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Non-Prog CD Reviews

The Duke

My Kung Fu Is Good

Review by Gary Hill

Rich Ward is The Duke. Ward is also better known for his work in metal bands Stuck Mojo and Fozzy. While this disc shows off some minor metal leanings, it is certainly not going to be confused with an album by either of those outfits. Well, what is the music like, then? This is probably some of the best modern alternative rock you will find. It has elements of nu-metal, fusion, rap metal and even a healthy dose of progressive rock. The result is a collection of songs that are easy to latch onto, but still manage to hold some of their secrets out for repeated listenings. For prog fans looking for something a bit easier to absorb, this might be a great choice. For fans of modern hard rock, this one is a definite winner. The disc features great songwriting and exceptional arrangements and performances. There is not a weak track on show here, and I can't argue with any of the song placement. While this one isn't my favorite genre, it is one that I'm sure will find it's way back to my CD player over the years.

This review is available in book format (hardcover and paperback) in Music Street Journal: 2005 Year Book Volume 3 at

Track by Track Review
I Give It To You
This one comes in funky, then turns hard edged, still with that funky texture. The cut drops to the balladic main song structure, feeling like a cool modern pop rock cut. The hard-edged elements return for breaks at the end of the verses and as an extended segue into the somewhat proggy bridge. That bridge also includes some potent female backing vocals and a killer prog like guitar solo. It returns in a smoking instrumental break later that gives way to a jazzy piano based segment that has only those female R & B like vocals and serves as the outro - what a great opener!
The sparse arrangement that starts this feels like The Police. This mode carries it through the first verse in bouncy fashion. Then a different take on that arrangement makes up the second verse. They pull it through another Police-like section then a harder edged mode takes this one in a modern alternative rock vein. This is another catchy, yet substantial rocker. It shifts to a rap metal verse later. Then this drops back down for a short time before jumping back up to the hard-edged modern rock styling that led to it. A killer metallic jam takes it after that to serve as the closing segment to the piece.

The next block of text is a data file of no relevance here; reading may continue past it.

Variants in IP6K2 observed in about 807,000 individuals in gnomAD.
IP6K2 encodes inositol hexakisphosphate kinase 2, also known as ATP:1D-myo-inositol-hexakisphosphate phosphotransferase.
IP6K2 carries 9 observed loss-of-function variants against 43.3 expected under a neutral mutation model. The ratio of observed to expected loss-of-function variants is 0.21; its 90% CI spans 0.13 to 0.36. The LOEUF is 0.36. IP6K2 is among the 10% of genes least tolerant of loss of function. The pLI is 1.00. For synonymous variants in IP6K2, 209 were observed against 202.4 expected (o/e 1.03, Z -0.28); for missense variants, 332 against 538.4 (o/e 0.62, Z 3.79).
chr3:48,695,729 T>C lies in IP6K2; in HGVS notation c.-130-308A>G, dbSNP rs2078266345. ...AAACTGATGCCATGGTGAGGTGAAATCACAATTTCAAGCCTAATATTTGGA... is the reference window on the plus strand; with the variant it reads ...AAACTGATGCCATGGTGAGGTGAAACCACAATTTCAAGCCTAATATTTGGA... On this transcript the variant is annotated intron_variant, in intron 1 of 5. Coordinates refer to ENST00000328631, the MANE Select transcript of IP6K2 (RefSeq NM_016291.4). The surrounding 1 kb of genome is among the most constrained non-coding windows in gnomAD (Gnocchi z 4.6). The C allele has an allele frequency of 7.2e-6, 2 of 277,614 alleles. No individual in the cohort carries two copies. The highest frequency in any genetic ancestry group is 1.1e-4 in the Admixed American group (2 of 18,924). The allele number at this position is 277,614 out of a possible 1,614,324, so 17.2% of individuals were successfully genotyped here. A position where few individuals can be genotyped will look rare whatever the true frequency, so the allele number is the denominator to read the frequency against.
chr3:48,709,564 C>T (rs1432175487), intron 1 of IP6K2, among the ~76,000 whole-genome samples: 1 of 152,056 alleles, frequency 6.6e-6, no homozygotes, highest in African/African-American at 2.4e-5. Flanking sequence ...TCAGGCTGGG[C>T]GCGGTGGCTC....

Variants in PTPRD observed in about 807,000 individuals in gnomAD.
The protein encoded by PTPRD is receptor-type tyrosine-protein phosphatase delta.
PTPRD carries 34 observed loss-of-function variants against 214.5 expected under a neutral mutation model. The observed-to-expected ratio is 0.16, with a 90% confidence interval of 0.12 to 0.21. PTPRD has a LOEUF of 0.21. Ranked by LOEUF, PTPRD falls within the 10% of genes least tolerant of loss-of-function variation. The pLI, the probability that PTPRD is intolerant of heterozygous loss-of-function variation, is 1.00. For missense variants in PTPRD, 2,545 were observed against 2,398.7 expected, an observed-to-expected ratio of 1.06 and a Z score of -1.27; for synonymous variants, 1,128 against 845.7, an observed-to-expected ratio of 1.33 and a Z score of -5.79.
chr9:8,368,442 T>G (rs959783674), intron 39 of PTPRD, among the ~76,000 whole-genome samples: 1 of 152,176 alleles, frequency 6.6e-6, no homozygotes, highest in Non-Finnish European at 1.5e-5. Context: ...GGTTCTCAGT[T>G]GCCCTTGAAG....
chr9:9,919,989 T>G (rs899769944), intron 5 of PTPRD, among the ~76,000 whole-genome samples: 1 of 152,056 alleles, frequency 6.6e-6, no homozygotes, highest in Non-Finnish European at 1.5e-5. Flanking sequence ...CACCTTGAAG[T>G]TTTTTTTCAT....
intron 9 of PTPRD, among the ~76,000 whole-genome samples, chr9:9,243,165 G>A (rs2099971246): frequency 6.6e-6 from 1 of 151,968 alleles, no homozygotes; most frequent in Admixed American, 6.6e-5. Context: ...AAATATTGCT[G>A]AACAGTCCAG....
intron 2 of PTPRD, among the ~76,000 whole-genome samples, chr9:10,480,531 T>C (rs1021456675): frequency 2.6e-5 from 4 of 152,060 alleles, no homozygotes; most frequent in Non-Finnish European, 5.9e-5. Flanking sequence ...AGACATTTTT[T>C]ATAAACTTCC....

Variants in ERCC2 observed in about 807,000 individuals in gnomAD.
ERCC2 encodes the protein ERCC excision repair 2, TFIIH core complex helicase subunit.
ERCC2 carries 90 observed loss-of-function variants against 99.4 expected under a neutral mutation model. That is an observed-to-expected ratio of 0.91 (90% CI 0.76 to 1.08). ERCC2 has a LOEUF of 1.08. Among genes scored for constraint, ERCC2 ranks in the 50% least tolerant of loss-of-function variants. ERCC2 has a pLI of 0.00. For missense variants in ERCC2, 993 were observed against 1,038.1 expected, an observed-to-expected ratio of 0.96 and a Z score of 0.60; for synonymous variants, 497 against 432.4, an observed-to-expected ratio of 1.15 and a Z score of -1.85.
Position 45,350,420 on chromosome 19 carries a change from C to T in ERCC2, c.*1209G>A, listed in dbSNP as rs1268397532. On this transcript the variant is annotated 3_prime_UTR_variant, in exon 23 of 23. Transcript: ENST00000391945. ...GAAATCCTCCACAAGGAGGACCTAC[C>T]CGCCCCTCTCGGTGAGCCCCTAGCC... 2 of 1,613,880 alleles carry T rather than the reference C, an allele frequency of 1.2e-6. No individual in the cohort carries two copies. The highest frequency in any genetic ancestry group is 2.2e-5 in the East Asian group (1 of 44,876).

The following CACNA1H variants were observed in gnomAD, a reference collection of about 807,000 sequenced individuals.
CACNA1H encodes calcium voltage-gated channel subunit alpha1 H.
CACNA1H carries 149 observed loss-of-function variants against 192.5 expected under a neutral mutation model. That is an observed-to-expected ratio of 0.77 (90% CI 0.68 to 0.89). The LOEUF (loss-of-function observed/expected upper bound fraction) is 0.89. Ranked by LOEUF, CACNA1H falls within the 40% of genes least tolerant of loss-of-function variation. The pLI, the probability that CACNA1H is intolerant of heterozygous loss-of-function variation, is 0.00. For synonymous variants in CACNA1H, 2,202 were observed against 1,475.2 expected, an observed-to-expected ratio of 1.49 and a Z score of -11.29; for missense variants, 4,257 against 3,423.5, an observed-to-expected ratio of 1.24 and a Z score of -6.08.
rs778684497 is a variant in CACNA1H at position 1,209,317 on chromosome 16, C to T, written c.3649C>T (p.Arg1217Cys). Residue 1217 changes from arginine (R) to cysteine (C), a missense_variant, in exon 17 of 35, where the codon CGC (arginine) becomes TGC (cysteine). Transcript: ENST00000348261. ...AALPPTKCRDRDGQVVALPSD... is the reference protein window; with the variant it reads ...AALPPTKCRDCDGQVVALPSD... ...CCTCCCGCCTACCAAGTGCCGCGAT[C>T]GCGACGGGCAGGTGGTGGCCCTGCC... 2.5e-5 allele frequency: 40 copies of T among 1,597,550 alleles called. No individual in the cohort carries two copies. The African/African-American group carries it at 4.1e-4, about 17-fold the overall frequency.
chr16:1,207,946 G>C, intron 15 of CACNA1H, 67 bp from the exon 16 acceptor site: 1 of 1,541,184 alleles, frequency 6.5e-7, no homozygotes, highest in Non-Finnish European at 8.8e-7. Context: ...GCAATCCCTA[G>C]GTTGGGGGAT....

Used to Be
An electronic sounding rhythmic pattern gives way to a piano based balladic style that serves as the backdrop for the opening evocative verse. They jump it up to more solid modern rocking textures for the chorus, then drop back to the verse section. The song alternates between these modes, but a more fully arranged short bridge takes it for a short time.
A backwards tracked ambient psychedelic texture serves as the intro here. The verse comes in as an evocative duet between male and female voice with piano as the backdrop. They pull in electronic keyboard based elements as they carry forward and eventually ramp it up to an expansive, slightly Beatlesesque fusion like rocking jam. The vocals start trading off lines rather than shadowing one another here. They move this back to where they came from. The expansive segment returns later. It drops to piano and female vocals after that to serve as the outro, just keys finally seeing it out.
Suicide Machine
Pretty piano starts this, then vocals join. This is a short intro, though; the group launching into something that feels like a cross between nu-metal, rap metal and Joe Satriani. This is a more straightforward and less diverse cut, but is still quite cool.
This is another ballad based one, evocative and pretty, but not fluffy. A harder edged chorus continues the musical themes. This feels like a neo-prog anthemic ballad gone mainstream. The arrangement gets rather complicated at times.
Show You The Way
This has a meaty modern rock texture, not hard edged, but also not whimpy. This one is quite powerful. It turns into an expansive almost prog arrangement on the chorus. This is another winner and turns into an all out prog rock take on modern rock textures in the bridge/instrumental break.
This is a pretty keyboard based ballad. It's appropriately a nice breather and is quite a pretty song.
Back To You
In a total turnaround, this rocks in hard, then shifts to a mellower verse segment. This is a modern pop rock stomper. It includes a cool keyboard dominated neo-prog like break.
At This Moment
This is another pretty ballad aft first. It moves into a fairly expansive rock jam for the choruses. This is an effective and strong ballad in its early incarnations. Its arrangement is quite complex and it includes some very powerful vocals. There is one short section where the "na na na…" backing vocals call to mind Journey a bit. The outro here with killer female R & B like vocals and smoking guitar soloing really elevates this one, and makes it into a great choice for closer.
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